• Emphasis is also on building trust between leadership and employees
  • A lot of pressure to build strong trust

Effects of servant leadership


Servant leadership considers the opinions of all employees which encourages idea sharing and improves innovation. Employees are also enabled to grow faster and develop new skills, allowing them to advance professionally. Art Barter, founder and CEO of the Servant Leadership Institute promises “performance goes through the roof” under a servant leadership style. Such a supportive environment is conducive to growth and development which will naturally improve performance.


Servant leadership encourages the belief that your presence is an instrument of service to others. This has a positive effect on the mindset of everyone who comes into contact with a servant leader. Such a perspective is contagious and can create a chain reaction of employees wanting to represent the same values. Servant leadership improves the mindset of employees and helps them become less concerned with their own needs and more motivated to help others.


Leaders impact culture more than anyone in an organization. Leaders inform employees about the nature of company culture through their actions and their values. A servant leader communicates the values of service and cooperation and contributes to creating a positive culture of knowledge sharing and concern for others.


Through a servant leadership style, a shift in the traditional manager-employee dynamic occurs. The relationship is less defined by controlling activities and giving direct commands. A synergistic relationship between leadership and employees forms as trust and encouragement is now at the heart of the dynamic. “Trust is one of the means to achieve servant leadership, and it is also an end that is achieved by servant leadership”, says Stephen M.R. Covey, former CEO of the Covey Leadership Center. This allows more genuine relationships to form in the workplace while reducing the divide between leaders and employees.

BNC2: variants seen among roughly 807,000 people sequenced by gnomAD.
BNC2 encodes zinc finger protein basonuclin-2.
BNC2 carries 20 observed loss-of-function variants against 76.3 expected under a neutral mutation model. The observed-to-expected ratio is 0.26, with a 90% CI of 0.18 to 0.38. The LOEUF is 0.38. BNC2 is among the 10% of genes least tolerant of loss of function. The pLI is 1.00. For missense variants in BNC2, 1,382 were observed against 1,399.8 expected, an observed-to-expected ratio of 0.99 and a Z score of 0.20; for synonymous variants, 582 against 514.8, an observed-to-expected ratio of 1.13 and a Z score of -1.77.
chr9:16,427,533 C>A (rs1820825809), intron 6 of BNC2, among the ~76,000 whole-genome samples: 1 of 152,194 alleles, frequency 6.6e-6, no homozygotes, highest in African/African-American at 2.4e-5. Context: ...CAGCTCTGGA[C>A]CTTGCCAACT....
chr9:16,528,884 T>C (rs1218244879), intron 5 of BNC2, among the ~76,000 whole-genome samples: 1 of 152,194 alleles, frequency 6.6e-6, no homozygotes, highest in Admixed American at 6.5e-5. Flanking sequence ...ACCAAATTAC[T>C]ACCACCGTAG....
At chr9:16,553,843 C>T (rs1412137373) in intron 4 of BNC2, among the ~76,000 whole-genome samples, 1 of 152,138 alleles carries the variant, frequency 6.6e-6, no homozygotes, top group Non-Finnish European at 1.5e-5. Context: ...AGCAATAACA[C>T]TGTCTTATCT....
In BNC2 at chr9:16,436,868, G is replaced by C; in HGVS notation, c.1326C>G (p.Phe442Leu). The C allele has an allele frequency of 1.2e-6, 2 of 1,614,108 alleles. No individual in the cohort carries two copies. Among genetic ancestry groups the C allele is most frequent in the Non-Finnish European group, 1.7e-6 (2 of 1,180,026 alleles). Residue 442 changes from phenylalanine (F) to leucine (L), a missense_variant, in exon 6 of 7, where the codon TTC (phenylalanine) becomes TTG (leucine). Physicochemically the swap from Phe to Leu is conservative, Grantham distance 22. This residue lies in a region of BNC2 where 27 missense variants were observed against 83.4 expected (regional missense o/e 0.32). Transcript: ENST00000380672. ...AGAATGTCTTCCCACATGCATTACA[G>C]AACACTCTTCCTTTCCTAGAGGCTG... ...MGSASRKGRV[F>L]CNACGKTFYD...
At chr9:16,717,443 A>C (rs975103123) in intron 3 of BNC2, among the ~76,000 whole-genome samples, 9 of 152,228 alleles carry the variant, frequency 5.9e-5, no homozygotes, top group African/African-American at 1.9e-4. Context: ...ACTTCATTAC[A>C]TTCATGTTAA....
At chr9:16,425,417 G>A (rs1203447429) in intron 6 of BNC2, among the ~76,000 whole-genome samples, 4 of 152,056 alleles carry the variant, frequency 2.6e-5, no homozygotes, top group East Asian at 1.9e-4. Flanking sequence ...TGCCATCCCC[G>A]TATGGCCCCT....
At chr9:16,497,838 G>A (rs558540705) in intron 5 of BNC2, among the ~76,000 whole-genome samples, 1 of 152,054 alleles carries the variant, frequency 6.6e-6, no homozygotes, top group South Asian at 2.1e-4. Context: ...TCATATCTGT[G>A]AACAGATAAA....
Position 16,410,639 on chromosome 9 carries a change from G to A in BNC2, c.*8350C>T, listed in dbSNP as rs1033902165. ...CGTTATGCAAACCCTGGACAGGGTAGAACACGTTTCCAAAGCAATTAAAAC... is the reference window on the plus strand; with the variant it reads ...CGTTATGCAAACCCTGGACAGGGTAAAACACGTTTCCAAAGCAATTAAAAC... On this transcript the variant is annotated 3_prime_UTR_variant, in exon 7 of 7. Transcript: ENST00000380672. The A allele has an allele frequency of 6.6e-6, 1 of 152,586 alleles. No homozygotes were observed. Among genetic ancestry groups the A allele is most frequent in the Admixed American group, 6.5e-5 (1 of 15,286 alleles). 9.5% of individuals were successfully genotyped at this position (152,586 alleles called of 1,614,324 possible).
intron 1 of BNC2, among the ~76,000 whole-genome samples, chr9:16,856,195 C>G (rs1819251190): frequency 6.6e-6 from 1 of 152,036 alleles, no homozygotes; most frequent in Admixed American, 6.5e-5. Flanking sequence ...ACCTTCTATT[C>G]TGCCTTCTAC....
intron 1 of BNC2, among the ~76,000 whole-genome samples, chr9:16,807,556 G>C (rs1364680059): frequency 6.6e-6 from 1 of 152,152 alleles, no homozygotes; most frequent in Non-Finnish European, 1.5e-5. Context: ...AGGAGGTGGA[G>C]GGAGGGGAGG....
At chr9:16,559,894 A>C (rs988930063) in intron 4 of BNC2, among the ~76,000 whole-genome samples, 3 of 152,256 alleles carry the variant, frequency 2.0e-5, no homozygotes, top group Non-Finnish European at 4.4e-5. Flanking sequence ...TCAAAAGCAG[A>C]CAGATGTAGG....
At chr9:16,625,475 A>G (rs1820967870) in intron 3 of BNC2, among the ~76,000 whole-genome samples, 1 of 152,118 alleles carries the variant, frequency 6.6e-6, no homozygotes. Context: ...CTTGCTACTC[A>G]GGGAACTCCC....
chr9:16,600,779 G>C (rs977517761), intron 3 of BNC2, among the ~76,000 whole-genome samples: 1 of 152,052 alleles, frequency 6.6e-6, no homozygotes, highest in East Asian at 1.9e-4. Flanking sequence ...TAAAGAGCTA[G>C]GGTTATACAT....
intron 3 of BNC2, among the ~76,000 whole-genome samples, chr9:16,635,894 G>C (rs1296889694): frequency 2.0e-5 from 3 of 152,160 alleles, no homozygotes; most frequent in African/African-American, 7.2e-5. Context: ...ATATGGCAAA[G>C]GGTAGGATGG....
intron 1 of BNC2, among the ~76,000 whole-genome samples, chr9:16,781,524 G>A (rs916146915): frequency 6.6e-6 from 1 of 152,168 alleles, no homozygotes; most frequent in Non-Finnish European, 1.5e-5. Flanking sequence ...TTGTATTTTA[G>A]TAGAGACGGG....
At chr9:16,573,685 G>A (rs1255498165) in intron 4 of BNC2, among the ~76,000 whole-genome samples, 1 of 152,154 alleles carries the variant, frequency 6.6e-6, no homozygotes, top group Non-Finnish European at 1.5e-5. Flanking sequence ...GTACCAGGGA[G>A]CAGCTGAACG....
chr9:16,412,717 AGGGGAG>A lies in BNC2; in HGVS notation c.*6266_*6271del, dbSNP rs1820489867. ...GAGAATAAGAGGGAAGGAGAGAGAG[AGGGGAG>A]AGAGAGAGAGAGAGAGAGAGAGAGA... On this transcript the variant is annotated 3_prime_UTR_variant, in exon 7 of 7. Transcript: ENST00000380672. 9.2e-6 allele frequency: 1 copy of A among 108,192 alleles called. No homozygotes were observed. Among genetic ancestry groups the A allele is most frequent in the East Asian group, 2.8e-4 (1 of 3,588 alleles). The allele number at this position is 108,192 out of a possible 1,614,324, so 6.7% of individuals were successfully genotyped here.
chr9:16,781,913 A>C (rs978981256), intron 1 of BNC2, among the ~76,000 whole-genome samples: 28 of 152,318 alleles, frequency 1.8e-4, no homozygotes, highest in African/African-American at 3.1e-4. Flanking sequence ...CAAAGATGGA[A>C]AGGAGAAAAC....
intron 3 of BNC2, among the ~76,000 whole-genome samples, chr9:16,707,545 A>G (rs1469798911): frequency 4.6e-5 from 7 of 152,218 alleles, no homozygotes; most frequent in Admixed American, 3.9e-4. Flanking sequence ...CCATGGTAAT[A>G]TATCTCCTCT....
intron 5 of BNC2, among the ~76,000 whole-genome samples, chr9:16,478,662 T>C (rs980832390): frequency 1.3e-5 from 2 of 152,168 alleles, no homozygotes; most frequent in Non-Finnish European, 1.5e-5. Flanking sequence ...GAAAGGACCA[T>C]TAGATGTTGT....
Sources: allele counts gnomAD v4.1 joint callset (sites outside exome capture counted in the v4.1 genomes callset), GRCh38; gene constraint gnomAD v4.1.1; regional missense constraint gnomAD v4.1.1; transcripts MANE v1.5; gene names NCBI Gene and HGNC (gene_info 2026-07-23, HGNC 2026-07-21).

The role of coaching

Coaching can enable leaders to develop the characteristics of servant leaders. Servant leaders must have enough internal fulfillment to put their professional advancement and acquisition of power aside. Working with a coach can help improve individuals’ sense of worth and prepare them for a role of service.

Servant leadership demands leaders to have unconventional priorities. They must be willing to prioritize the growth of others and derive their sense of success from how they can serve their employees. Working with a coach can help leaders to develop a sense of purpose that stems from serving a cause beyond their own needs and desires, a core principle of servant leadership.

Aside from the values and motivations of servant leaders, there are also certain skills one must acquire to be an effective servant. Such skills include listening, self-awareness, empathy and the ability to create a sense of community. A coach can not only work with leaders to develop the right values but also to work on the skills that will evolve their leadership style to reflect that of a servant leader.

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In conclusion 

There are many obvious benefits to encouraging servant leadership in your organization. Culture, performance and engagement will undoubtedly be improved with the values of a servant leader. The success of such leadership comes when the leader is truly ready to step into the shoes of a servant. This requires highly developed ethics and an existing sense of fulfillment. Working with a coach can help individuals refine their values and harness the skills needed to embody the principles of servant leadership. It may take more work and sacrifice to practice this leadership style but there are few leadership styles that have the potential to make such a positive impact in the workplace.

Cathy Stapleton

Cathy is an Irish writer based in Berlin, Germany who is passionate about using words to inspire growth. As a certified mindfulness facilitator and performance coach, Cathy aims to create work that helps people connect with themselves and heighten their awareness. When she is not writing she is usually running in nature, meditating or contemplating an existential crisis.